Vapor retarders are used primarily in cold climates to prevent moisture present in warm indoor air (as water vapor) from entering wall assemblies and condensing on cold exterior sheathing. Where installed properly, vapor retarders such as Kraft paper or polyethylene sheeting have been used successfully for decades in conventional wall assemblies. However, changing wall construction practices which include new energy efficient materials and solutions that dramatically alter the moisture behavior of walls prompted questions from many builders on the appropriate selection of vapor retarders.
This TechNote provides an overview of building code requirements and design considerations for vapor retarders. The focus is on climate-specific recommendations for selecting interior vapor retarder products for frame walls.
Moisture can enter walls (from indoors and outdoors) as water vapor by diffusion or air leakage. It is important that both moisture migration paths are managed to reduce the risk of moisture issues. Vapor retarders – the subject of this Tech Note – are used to manage vapor diffusion. Some vapor retarder membranes help with controlling air flow as well. The reader is referred to a companion Tech Note on Air Sealing for information on practices for controlling air leakage.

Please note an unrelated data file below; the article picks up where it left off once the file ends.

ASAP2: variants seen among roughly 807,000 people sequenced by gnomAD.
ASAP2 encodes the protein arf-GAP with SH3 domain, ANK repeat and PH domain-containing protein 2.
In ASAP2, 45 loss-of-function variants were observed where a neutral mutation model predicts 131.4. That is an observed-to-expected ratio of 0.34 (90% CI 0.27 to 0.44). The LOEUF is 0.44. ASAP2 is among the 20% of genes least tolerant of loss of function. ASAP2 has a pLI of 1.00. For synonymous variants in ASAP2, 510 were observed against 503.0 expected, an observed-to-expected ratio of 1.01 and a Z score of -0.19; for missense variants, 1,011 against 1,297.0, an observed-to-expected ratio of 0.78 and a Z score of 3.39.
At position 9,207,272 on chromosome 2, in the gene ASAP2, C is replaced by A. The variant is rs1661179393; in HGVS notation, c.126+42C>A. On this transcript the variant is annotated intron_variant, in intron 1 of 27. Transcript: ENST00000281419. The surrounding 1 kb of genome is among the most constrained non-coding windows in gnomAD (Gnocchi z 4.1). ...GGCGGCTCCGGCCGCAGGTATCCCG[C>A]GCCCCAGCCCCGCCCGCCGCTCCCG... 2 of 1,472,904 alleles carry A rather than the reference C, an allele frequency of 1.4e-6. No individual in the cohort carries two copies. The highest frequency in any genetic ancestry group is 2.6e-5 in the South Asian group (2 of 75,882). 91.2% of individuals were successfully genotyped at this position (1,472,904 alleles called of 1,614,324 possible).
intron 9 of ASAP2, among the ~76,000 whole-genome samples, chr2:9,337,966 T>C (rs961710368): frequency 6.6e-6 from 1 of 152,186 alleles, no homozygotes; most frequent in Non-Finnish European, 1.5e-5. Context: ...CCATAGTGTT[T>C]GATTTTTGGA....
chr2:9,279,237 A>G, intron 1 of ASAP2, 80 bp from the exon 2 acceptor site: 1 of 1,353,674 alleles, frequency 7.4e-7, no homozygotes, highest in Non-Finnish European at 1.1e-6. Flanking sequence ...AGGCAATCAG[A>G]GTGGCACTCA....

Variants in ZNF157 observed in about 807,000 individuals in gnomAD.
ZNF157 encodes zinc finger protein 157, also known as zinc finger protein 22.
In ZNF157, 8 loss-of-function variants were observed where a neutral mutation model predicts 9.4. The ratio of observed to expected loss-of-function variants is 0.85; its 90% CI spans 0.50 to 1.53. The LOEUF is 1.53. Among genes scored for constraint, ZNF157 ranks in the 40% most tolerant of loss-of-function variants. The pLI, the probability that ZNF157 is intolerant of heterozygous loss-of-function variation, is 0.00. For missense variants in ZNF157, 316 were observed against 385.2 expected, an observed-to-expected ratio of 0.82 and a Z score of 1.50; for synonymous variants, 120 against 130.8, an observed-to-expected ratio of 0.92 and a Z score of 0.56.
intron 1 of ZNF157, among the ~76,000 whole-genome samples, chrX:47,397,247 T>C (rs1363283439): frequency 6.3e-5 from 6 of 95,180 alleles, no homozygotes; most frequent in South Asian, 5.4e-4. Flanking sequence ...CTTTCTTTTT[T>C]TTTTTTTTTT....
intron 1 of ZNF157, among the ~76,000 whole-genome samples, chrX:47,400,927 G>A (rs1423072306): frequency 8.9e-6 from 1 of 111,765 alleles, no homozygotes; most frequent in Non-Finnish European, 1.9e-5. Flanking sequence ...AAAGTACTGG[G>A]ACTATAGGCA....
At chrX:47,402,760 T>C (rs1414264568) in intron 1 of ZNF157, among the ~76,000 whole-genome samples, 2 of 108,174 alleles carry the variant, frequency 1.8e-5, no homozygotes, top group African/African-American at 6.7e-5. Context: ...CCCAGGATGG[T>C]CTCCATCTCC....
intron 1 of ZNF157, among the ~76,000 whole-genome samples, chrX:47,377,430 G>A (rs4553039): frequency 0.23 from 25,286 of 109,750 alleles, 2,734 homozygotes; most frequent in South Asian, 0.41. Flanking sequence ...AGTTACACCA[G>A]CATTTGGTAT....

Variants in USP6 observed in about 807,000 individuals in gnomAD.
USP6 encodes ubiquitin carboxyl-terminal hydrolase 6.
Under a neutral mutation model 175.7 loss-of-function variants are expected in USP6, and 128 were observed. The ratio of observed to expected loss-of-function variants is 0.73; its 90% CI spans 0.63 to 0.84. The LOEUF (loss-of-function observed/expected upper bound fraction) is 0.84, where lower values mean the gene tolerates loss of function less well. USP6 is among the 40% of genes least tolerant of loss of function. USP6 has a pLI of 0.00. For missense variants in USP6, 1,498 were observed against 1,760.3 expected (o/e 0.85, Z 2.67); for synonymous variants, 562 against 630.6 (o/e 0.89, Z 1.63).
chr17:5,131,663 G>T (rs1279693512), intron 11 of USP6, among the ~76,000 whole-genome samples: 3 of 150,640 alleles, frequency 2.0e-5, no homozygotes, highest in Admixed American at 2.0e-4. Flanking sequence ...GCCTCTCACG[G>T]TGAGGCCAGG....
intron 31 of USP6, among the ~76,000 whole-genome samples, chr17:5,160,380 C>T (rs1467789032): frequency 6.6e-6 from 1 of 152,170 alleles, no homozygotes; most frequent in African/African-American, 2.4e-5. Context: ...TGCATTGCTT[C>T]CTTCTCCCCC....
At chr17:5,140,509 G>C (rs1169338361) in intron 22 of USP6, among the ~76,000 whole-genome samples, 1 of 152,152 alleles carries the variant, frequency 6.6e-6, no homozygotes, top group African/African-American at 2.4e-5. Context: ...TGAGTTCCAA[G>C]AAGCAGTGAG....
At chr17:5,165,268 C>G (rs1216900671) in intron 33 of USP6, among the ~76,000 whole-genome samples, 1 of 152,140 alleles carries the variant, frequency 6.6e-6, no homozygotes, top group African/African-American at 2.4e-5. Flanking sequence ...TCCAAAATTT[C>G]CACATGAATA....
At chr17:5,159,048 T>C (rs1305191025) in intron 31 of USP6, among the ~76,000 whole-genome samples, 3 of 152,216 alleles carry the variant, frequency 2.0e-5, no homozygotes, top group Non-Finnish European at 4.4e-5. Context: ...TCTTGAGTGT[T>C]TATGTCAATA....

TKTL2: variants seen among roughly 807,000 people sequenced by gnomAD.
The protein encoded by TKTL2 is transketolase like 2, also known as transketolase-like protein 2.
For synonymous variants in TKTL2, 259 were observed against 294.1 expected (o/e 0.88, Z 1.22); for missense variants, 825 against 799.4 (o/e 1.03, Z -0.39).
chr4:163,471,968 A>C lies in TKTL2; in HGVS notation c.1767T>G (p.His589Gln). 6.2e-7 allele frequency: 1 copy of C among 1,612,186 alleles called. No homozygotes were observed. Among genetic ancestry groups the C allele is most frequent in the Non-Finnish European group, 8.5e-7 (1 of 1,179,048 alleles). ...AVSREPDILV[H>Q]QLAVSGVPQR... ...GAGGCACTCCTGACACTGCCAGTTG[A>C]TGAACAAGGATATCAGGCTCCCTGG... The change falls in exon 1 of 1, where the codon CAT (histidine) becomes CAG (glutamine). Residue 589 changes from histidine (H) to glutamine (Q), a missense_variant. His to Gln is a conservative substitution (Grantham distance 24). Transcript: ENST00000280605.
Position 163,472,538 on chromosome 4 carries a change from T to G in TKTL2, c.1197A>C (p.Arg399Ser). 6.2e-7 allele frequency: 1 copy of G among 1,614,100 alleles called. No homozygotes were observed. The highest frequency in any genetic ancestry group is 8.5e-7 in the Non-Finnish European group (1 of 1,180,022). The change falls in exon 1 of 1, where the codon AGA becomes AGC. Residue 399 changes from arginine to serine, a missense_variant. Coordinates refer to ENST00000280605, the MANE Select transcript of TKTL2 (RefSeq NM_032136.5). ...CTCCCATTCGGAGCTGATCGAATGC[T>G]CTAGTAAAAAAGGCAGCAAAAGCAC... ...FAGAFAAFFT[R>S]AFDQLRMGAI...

A vapor management strategy should balance limiting vapor diffusion into the wall and allowing the wall to dry out should any incidental moisture accumulate in the cavity. The first is achieved by selecting an appropriate interior vapor retarder or installing a layer of exterior insulation to limit the vapor drive. The second is achieved by ensuring that at least one face of the wall is constructed with moderate-to-high permeability materials to avoid a double vapor barrier condition.